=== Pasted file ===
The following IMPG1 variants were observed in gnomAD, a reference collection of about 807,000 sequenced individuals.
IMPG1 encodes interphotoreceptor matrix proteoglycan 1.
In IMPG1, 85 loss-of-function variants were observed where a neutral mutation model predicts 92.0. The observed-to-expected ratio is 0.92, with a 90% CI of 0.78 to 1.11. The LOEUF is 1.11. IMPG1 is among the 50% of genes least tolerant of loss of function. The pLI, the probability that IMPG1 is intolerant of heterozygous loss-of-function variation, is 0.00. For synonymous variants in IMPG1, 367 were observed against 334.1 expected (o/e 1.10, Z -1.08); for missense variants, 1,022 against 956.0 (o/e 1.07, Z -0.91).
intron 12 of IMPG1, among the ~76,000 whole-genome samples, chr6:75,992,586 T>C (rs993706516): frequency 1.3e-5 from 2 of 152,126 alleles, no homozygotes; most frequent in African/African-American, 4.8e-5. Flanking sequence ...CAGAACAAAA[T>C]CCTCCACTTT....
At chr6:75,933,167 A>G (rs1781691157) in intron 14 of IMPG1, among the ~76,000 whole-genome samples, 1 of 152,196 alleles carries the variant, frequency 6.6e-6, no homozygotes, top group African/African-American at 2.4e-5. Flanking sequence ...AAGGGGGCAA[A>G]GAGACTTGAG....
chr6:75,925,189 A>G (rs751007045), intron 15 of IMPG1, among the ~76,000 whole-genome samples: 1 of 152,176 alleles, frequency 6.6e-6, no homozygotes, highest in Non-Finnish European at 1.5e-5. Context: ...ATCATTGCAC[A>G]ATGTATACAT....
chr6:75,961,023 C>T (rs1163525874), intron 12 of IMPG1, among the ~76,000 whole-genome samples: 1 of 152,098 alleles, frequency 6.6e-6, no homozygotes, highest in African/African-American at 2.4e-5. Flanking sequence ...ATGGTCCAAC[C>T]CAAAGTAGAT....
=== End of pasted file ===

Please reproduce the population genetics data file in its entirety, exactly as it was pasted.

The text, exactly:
The following IMPG1 variants were observed in gnomAD, a reference collection of about 807,000 sequenced individuals.
IMPG1 encodes interphotoreceptor matrix proteoglycan 1.
In IMPG1, 85 loss-of-function variants were observed where a neutral mutation model predicts 92.0. The observed-to-expected ratio is 0.92, with a 90% CI of 0.78 to 1.11. The LOEUF is 1.11. IMPG1 is among the 50% of genes least tolerant of loss of function. The pLI, the probability that IMPG1 is intolerant of heterozygous loss-of-function variation, is 0.00. For synonymous variants in IMPG1, 367 were observed against 334.1 expected (o/e 1.10, Z -1.08); for missense variants, 1,022 against 956.0 (o/e 1.07, Z -0.91).
intron 12 of IMPG1, among the ~76,000 whole-genome samples, chr6:75,992,586 T>C (rs993706516): frequency 1.3e-5 from 2 of 152,126 alleles, no homozygotes; most frequent in African/African-American, 4.8e-5. Flanking sequence ...CAGAACAAAA[T>C]CCTCCACTTT....
At chr6:75,933,167 A>G (rs1781691157) in intron 14 of IMPG1, among the ~76,000 whole-genome samples, 1 of 152,196 alleles carries the variant, frequency 6.6e-6, no homozygotes, top group African/African-American at 2.4e-5. Flanking sequence ...AAGGGGGCAA[A>G]GAGACTTGAG....
chr6:75,925,189 A>G (rs751007045), intron 15 of IMPG1, among the ~76,000 whole-genome samples: 1 of 152,176 alleles, frequency 6.6e-6, no homozygotes, highest in Non-Finnish European at 1.5e-5. Context: ...ATCATTGCAC[A>G]ATGTATACAT....
chr6:75,961,023 C>T (rs1163525874), intron 12 of IMPG1, among the ~76,000 whole-genome samples: 1 of 152,098 alleles, frequency 6.6e-6, no homozygotes, highest in African/African-American at 2.4e-5. Flanking sequence ...ATGGTCCAAC[C>T]CAAAGTAGAT....